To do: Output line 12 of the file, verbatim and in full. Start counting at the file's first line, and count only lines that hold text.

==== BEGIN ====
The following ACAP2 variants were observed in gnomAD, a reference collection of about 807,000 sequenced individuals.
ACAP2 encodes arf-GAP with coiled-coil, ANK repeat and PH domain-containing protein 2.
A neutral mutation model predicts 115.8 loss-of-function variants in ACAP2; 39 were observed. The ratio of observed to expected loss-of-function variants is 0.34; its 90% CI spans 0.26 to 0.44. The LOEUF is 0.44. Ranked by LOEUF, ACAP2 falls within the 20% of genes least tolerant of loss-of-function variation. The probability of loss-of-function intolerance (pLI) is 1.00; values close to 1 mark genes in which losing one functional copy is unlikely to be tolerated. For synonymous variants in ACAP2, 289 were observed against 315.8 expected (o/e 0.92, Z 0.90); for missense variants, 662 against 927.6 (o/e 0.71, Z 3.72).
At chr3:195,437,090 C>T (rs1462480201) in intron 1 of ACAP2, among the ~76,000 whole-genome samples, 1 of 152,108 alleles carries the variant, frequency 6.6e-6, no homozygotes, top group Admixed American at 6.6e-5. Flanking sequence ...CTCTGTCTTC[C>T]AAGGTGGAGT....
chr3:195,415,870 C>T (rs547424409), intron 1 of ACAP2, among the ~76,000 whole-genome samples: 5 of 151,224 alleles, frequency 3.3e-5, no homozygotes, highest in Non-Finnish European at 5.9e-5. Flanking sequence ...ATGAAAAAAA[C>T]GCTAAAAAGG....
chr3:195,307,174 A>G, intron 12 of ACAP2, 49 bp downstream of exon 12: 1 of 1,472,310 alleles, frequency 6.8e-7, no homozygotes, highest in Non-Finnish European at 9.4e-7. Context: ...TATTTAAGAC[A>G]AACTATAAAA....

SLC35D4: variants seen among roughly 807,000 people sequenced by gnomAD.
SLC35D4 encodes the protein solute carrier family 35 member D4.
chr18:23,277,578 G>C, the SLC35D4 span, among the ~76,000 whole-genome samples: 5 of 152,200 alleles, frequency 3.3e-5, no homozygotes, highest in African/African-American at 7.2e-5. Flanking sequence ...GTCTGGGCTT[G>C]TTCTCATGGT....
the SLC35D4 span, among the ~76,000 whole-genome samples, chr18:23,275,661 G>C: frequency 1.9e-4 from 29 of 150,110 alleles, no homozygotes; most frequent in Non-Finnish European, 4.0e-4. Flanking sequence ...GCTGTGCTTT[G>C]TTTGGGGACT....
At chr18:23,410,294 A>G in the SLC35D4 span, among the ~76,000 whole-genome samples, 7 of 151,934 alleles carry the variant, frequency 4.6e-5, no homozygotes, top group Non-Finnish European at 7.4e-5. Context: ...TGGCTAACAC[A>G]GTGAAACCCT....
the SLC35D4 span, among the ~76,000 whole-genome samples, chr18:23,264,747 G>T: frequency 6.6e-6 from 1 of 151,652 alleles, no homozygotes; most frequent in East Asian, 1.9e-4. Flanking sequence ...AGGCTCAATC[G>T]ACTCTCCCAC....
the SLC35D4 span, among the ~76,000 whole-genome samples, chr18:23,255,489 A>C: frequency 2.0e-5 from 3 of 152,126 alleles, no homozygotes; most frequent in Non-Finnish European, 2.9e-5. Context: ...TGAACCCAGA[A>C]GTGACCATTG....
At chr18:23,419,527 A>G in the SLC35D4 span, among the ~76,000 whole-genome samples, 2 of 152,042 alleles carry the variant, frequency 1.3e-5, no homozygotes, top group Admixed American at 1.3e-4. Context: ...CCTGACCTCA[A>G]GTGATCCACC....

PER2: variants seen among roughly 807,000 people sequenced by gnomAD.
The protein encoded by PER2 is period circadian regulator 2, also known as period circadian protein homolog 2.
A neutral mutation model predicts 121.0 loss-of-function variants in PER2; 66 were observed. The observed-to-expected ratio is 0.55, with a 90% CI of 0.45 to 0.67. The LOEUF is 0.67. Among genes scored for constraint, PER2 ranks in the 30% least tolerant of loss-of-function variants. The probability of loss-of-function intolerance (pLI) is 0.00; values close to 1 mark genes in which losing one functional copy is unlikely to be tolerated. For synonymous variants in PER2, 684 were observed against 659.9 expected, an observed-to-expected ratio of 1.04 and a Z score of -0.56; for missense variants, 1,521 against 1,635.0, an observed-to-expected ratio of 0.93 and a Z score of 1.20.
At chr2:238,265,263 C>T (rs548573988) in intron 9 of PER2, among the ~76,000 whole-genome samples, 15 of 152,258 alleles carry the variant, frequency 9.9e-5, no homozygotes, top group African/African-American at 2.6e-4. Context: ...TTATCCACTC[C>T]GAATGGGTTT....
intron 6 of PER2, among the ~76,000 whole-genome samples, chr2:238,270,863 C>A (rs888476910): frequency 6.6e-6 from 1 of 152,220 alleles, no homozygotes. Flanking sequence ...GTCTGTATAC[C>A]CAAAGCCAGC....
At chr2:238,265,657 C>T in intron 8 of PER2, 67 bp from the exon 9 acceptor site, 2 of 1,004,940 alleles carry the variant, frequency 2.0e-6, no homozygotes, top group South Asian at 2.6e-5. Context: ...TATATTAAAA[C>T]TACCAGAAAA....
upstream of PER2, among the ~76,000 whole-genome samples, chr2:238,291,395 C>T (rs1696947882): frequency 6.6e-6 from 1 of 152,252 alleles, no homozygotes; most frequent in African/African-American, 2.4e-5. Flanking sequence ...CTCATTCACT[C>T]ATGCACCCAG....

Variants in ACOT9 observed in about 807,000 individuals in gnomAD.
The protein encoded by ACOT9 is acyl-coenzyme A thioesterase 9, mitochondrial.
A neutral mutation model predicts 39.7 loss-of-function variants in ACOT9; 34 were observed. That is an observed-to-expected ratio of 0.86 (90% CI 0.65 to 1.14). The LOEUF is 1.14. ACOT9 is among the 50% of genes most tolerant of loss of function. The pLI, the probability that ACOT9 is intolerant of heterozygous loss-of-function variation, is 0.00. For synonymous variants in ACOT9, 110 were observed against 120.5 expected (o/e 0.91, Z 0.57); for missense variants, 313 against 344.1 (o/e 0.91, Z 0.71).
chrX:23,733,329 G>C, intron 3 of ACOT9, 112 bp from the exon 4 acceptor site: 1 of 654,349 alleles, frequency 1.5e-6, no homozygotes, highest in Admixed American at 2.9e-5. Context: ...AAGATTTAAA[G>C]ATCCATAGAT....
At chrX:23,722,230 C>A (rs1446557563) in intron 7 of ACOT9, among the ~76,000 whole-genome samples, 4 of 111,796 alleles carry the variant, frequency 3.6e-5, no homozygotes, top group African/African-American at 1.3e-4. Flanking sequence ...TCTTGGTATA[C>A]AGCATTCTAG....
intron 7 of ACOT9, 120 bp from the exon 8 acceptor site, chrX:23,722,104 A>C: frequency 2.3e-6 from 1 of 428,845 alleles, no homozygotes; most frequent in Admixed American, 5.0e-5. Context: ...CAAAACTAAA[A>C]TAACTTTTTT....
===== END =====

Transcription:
the SLC35D4 span, among the ~76,000 whole-genome samples, chr18:23,264,747 G>T: frequency 6.6e-6 from 1 of 151,652 alleles, no homozygotes; most frequent in East Asian, 1.9e-4. Flanking sequence ...AGGCTCAATC[G>T]ACTCTCCCAC....